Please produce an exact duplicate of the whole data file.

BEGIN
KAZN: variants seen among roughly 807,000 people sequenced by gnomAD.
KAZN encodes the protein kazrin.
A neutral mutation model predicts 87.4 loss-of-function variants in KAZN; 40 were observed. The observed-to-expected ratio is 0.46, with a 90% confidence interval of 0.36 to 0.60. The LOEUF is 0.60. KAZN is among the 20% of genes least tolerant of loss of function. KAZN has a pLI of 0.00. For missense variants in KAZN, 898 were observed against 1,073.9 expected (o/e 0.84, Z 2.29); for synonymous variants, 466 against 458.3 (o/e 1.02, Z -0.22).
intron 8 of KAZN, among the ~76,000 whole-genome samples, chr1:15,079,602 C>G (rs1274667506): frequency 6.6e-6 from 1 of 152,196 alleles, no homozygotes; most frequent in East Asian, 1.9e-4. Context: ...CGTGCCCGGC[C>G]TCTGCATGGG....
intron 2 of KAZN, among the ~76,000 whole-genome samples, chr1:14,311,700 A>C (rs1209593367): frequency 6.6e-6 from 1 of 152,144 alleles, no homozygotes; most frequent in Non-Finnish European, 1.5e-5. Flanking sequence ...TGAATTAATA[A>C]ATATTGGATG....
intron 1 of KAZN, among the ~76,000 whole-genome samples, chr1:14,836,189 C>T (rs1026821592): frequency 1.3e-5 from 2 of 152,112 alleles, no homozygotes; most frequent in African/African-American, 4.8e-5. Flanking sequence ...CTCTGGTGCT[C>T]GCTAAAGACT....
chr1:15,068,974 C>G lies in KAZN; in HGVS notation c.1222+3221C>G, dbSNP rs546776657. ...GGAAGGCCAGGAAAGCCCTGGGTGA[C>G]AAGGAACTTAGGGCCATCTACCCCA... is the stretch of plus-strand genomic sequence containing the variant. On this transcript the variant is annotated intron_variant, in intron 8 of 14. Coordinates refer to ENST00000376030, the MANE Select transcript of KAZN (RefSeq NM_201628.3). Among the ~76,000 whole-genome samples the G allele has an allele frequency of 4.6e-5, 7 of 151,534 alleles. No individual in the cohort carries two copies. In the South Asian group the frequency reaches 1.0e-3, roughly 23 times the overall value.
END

KAZN: variants seen among roughly 807,000 people sequenced by gnomAD.
KAZN encodes the protein kazrin.
A neutral mutation model predicts 87.4 loss-of-function variants in KAZN; 40 were observed. The observed-to-expected ratio is 0.46, with a 90% confidence interval of 0.36 to 0.60. The LOEUF is 0.60. KAZN is among the 20% of genes least tolerant of loss of function. KAZN has a pLI of 0.00. For missense variants in KAZN, 898 were observed against 1,073.9 expected (o/e 0.84, Z 2.29); for synonymous variants, 466 against 458.3 (o/e 1.02, Z -0.22).
intron 8 of KAZN, among the ~76,000 whole-genome samples, chr1:15,079,602 C>G (rs1274667506): frequency 6.6e-6 from 1 of 152,196 alleles, no homozygotes; most frequent in East Asian, 1.9e-4. Context: ...CGTGCCCGGC[C>G]TCTGCATGGG....
intron 2 of KAZN, among the ~76,000 whole-genome samples, chr1:14,311,700 A>C (rs1209593367): frequency 6.6e-6 from 1 of 152,144 alleles, no homozygotes; most frequent in Non-Finnish European, 1.5e-5. Flanking sequence ...TGAATTAATA[A>C]ATATTGGATG....
intron 1 of KAZN, among the ~76,000 whole-genome samples, chr1:14,836,189 C>T (rs1026821592): frequency 1.3e-5 from 2 of 152,112 alleles, no homozygotes; most frequent in African/African-American, 4.8e-5. Flanking sequence ...CTCTGGTGCT[C>T]GCTAAAGACT....
chr1:15,068,974 C>G lies in KAZN; in HGVS notation c.1222+3221C>G, dbSNP rs546776657. ...GGAAGGCCAGGAAAGCCCTGGGTGA[C>G]AAGGAACTTAGGGCCATCTACCCCA... is the stretch of plus-strand genomic sequence containing the variant. On this transcript the variant is annotated intron_variant, in intron 8 of 14. Coordinates refer to ENST00000376030, the MANE Select transcript of KAZN (RefSeq NM_201628.3). Among the ~76,000 whole-genome samples the G allele has an allele frequency of 4.6e-5, 7 of 151,534 alleles. No individual in the cohort carries two copies. In the South Asian group the frequency reaches 1.0e-3, roughly 23 times the overall value.